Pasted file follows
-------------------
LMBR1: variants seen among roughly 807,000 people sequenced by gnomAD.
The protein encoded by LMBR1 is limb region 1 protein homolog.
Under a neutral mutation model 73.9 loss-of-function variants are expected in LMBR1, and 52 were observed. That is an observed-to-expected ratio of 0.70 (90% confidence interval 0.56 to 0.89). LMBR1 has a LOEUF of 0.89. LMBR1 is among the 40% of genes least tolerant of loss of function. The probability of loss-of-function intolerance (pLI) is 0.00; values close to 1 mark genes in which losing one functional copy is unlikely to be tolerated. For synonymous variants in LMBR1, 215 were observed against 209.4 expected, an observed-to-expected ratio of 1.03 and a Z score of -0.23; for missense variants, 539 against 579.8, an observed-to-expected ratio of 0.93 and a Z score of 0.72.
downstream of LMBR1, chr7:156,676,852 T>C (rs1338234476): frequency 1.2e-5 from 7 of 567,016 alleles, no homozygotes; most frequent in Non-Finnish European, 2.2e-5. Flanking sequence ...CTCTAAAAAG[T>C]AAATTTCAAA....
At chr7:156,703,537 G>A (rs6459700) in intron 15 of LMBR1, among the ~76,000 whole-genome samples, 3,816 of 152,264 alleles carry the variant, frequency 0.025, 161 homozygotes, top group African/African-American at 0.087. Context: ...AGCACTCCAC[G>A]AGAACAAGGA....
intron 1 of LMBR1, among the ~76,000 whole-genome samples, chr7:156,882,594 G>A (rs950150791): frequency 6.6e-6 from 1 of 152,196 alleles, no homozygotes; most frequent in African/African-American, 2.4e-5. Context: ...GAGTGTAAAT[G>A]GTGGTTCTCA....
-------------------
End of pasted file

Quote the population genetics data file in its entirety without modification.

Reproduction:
LMBR1: variants seen among roughly 807,000 people sequenced by gnomAD.
The protein encoded by LMBR1 is limb region 1 protein homolog.
Under a neutral mutation model 73.9 loss-of-function variants are expected in LMBR1, and 52 were observed. That is an observed-to-expected ratio of 0.70 (90% confidence interval 0.56 to 0.89). LMBR1 has a LOEUF of 0.89. LMBR1 is among the 40% of genes least tolerant of loss of function. The probability of loss-of-function intolerance (pLI) is 0.00; values close to 1 mark genes in which losing one functional copy is unlikely to be tolerated. For synonymous variants in LMBR1, 215 were observed against 209.4 expected, an observed-to-expected ratio of 1.03 and a Z score of -0.23; for missense variants, 539 against 579.8, an observed-to-expected ratio of 0.93 and a Z score of 0.72.
downstream of LMBR1, chr7:156,676,852 T>C (rs1338234476): frequency 1.2e-5 from 7 of 567,016 alleles, no homozygotes; most frequent in Non-Finnish European, 2.2e-5. Flanking sequence ...CTCTAAAAAG[T>C]AAATTTCAAA....
At chr7:156,703,537 G>A (rs6459700) in intron 15 of LMBR1, among the ~76,000 whole-genome samples, 3,816 of 152,264 alleles carry the variant, frequency 0.025, 161 homozygotes, top group African/African-American at 0.087. Context: ...AGCACTCCAC[G>A]AGAACAAGGA....
intron 1 of LMBR1, among the ~76,000 whole-genome samples, chr7:156,882,594 G>A (rs950150791): frequency 6.6e-6 from 1 of 152,196 alleles, no homozygotes; most frequent in African/African-American, 2.4e-5. Context: ...GAGTGTAAAT[G>A]GTGGTTCTCA....